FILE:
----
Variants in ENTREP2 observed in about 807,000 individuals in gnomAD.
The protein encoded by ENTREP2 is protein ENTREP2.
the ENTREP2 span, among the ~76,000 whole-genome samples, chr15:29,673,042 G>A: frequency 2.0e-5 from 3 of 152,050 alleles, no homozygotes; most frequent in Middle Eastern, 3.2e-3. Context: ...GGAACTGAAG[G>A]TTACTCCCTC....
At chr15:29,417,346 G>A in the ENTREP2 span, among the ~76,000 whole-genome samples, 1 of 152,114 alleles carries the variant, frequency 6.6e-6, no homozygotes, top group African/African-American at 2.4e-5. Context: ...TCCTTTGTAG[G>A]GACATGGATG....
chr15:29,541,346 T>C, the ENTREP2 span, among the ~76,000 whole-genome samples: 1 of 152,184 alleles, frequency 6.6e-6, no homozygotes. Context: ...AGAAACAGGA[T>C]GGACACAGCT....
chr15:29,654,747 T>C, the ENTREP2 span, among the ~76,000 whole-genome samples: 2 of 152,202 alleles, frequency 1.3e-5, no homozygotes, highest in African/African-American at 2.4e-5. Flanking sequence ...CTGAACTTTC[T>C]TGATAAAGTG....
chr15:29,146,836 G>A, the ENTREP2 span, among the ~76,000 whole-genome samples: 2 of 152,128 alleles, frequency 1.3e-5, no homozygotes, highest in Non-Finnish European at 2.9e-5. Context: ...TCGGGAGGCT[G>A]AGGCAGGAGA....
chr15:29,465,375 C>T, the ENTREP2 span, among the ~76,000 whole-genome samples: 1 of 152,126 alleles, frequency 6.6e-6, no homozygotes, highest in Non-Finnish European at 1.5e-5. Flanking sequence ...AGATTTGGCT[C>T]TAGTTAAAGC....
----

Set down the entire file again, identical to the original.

Variants in ENTREP2 observed in about 807,000 individuals in gnomAD.
The protein encoded by ENTREP2 is protein ENTREP2.
the ENTREP2 span, among the ~76,000 whole-genome samples, chr15:29,673,042 G>A: frequency 2.0e-5 from 3 of 152,050 alleles, no homozygotes; most frequent in Middle Eastern, 3.2e-3. Context: ...GGAACTGAAG[G>A]TTACTCCCTC....
At chr15:29,417,346 G>A in the ENTREP2 span, among the ~76,000 whole-genome samples, 1 of 152,114 alleles carries the variant, frequency 6.6e-6, no homozygotes, top group African/African-American at 2.4e-5. Context: ...TCCTTTGTAG[G>A]GACATGGATG....
chr15:29,541,346 T>C, the ENTREP2 span, among the ~76,000 whole-genome samples: 1 of 152,184 alleles, frequency 6.6e-6, no homozygotes. Context: ...AGAAACAGGA[T>C]GGACACAGCT....
chr15:29,654,747 T>C, the ENTREP2 span, among the ~76,000 whole-genome samples: 2 of 152,202 alleles, frequency 1.3e-5, no homozygotes, highest in African/African-American at 2.4e-5. Flanking sequence ...CTGAACTTTC[T>C]TGATAAAGTG....
chr15:29,146,836 G>A, the ENTREP2 span, among the ~76,000 whole-genome samples: 2 of 152,128 alleles, frequency 1.3e-5, no homozygotes, highest in Non-Finnish European at 2.9e-5. Context: ...TCGGGAGGCT[G>A]AGGCAGGAGA....
chr15:29,465,375 C>T, the ENTREP2 span, among the ~76,000 whole-genome samples: 1 of 152,126 alleles, frequency 6.6e-6, no homozygotes, highest in Non-Finnish European at 1.5e-5. Flanking sequence ...AGATTTGGCT[C>T]TAGTTAAAGC....